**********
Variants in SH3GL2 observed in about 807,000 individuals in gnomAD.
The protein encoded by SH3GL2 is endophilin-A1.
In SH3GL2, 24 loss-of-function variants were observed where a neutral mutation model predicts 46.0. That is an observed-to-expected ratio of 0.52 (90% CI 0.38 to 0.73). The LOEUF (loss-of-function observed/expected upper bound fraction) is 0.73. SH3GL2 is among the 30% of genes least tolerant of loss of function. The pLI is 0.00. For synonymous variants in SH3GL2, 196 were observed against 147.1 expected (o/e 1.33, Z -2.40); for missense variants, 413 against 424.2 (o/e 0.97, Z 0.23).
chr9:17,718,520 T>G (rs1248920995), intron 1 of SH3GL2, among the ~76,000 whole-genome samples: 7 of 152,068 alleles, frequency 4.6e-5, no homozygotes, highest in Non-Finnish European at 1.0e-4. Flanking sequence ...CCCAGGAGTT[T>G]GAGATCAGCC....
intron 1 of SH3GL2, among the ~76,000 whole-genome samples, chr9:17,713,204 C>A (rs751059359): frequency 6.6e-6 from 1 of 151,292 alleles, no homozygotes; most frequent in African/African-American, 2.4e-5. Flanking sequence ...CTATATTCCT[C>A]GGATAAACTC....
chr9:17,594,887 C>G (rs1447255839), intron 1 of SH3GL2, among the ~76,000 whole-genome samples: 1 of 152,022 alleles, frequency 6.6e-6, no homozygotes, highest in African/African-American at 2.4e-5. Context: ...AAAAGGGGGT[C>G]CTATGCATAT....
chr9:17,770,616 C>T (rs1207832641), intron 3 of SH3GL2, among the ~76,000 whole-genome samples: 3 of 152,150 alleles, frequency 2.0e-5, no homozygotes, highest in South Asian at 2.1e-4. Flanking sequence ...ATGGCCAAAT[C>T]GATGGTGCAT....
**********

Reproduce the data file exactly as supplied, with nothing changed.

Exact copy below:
Variants in SH3GL2 observed in about 807,000 individuals in gnomAD.
The protein encoded by SH3GL2 is endophilin-A1.
In SH3GL2, 24 loss-of-function variants were observed where a neutral mutation model predicts 46.0. That is an observed-to-expected ratio of 0.52 (90% CI 0.38 to 0.73). The LOEUF (loss-of-function observed/expected upper bound fraction) is 0.73. SH3GL2 is among the 30% of genes least tolerant of loss of function. The pLI is 0.00. For synonymous variants in SH3GL2, 196 were observed against 147.1 expected (o/e 1.33, Z -2.40); for missense variants, 413 against 424.2 (o/e 0.97, Z 0.23).
chr9:17,718,520 T>G (rs1248920995), intron 1 of SH3GL2, among the ~76,000 whole-genome samples: 7 of 152,068 alleles, frequency 4.6e-5, no homozygotes, highest in Non-Finnish European at 1.0e-4. Flanking sequence ...CCCAGGAGTT[T>G]GAGATCAGCC....
intron 1 of SH3GL2, among the ~76,000 whole-genome samples, chr9:17,713,204 C>A (rs751059359): frequency 6.6e-6 from 1 of 151,292 alleles, no homozygotes; most frequent in African/African-American, 2.4e-5. Flanking sequence ...CTATATTCCT[C>A]GGATAAACTC....
chr9:17,594,887 C>G (rs1447255839), intron 1 of SH3GL2, among the ~76,000 whole-genome samples: 1 of 152,022 alleles, frequency 6.6e-6, no homozygotes, highest in African/African-American at 2.4e-5. Context: ...AAAAGGGGGT[C>G]CTATGCATAT....
chr9:17,770,616 C>T (rs1207832641), intron 3 of SH3GL2, among the ~76,000 whole-genome samples: 3 of 152,150 alleles, frequency 2.0e-5, no homozygotes, highest in South Asian at 2.1e-4. Flanking sequence ...ATGGCCAAAT[C>T]GATGGTGCAT....